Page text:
PPC Gone Viral - Turn A Big News Story Into PPC Success
April 29, 2013
I believe that every PPC marketer has come across some strange search queries before that either made you laugh or just shake your head in disbelief. Here are just a few of weird search queries that we have shared with you before. I dare say that search marketers come across these types of terms on a daily basis and they definitely need to be addressed for the sake of your account’s health. But there is also another type of category of search terms that you might be able to use beneficially in your account: terms that have gone viral, i.e. news stories, public endorsements etc. Celebrity-related keywords are known for screwing up your PPC traffic, especially when your products or services are related to licensed merchandise or you are selling media-related items. So it is always good to be cautious and to keep an eye on your search query reports as well as add negative keywords even before your campaigns go live. However, in some instances you are able to use this type of search term to further promote your products.
Almost anything can become viral and attract people to use new search queries online to look for a specific news story, celebrity or product-related term. In the case I am focusing on today, the news story is based on a professional athlete that was caught using a specific banned substance. So what did that mean for the account?
We had just started to manage the account about a month before and traffic and conversion volume was pretty low. The account received around 50 clicks and 0.5 conversions on average per day in the first 28 days:
Then, the news story went public. On this day, account performance skyrocketed. The account produced almost double the traffic volume and almost three times as many conversions as it had in the previous 28 days:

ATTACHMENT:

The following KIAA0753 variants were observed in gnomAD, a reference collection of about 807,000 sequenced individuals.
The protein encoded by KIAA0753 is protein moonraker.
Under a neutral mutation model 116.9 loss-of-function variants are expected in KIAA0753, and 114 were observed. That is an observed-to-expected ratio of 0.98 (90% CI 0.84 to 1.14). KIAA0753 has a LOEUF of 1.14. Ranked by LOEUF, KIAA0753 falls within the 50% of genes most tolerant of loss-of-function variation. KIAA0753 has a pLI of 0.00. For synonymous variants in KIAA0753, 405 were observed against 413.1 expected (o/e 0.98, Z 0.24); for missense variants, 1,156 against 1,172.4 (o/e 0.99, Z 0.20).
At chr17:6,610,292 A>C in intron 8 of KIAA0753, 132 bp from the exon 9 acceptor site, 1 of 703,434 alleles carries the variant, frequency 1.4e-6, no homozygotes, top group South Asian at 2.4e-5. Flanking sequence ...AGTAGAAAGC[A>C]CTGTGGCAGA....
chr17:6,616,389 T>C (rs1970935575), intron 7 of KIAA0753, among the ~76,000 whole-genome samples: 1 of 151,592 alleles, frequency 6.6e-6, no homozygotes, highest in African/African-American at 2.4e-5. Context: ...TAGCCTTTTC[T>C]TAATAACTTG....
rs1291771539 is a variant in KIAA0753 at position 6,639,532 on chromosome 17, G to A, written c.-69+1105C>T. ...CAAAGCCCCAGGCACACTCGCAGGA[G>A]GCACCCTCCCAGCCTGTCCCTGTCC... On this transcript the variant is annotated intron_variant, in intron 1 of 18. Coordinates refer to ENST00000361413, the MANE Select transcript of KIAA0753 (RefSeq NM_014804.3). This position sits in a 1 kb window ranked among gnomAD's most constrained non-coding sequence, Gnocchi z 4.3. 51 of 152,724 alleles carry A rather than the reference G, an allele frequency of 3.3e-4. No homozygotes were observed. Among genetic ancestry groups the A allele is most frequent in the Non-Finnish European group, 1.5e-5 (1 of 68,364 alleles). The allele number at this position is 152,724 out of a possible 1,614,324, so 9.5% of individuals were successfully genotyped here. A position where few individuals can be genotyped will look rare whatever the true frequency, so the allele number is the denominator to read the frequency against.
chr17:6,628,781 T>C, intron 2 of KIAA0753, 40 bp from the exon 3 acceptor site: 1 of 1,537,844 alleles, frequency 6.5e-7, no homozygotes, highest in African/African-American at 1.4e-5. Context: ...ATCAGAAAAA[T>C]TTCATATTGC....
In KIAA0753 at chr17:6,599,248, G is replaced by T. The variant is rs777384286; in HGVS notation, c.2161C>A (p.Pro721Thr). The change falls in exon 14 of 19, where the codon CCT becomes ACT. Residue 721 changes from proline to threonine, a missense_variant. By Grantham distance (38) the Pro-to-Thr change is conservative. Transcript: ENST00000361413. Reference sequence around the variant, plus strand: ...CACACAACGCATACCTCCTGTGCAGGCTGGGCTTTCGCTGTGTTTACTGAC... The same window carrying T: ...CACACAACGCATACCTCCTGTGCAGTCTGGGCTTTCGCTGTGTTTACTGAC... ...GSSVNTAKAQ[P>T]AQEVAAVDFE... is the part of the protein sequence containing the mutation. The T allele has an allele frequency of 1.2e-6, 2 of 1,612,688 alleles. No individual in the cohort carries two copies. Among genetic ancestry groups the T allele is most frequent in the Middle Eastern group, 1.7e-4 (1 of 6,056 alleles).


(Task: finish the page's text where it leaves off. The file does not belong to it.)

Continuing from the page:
I have to be honest, in my time as PPC manager (about 3 years), I have never seen this happen before. So it was a little bit overwhelming at first, but luckily one of my coworkers spotted the story on the same day and gave me the opportunity to act on it quickly. After a quick discussion with the client, we decided to take this story and promote it in the account. So here is what I did:
First, I reviewed the search query reports for all campaigns to see what kind of traffic has been coming through in the past day or two. I wanted to specifically see if there were any search terms that were using terms related to the athlete that I could then use in my efforts to promote this story for the product. That being said, you want to make sure to not just add any terms. You still need to check that the keywords you choose are somewhat related to your product and only highlight the product in a positive way. You want to avoid adding search queries that just are aimed at finding out more about the celebrity and have nothing to do with your product. Always keep user intent in mind.
After reviewing all search terms, I did some more keyword research to see which keywords were trending and to get an idea of what traffic projections looked like for the next few days/weeks. In this particular case, I decided to try two different approaches. One was to build out a campaign focused on the athletes name in combination with product name variations. In the second campaign, I focused on the banned substance and variations with keyword modifiers like “review,” “testimonials,” and “bodybuilding.” Once keyword lists were built out, I needed to focus on ad copy creation. I definitely wanted to have some kind of reference to the news story in my ads as well. For this specific client it was tricky to create these kinds of ads, as it is already a struggle to have supplement related ad copy fully approved in Google. Nevertheless, one of the ads I ended up using for this client was the following: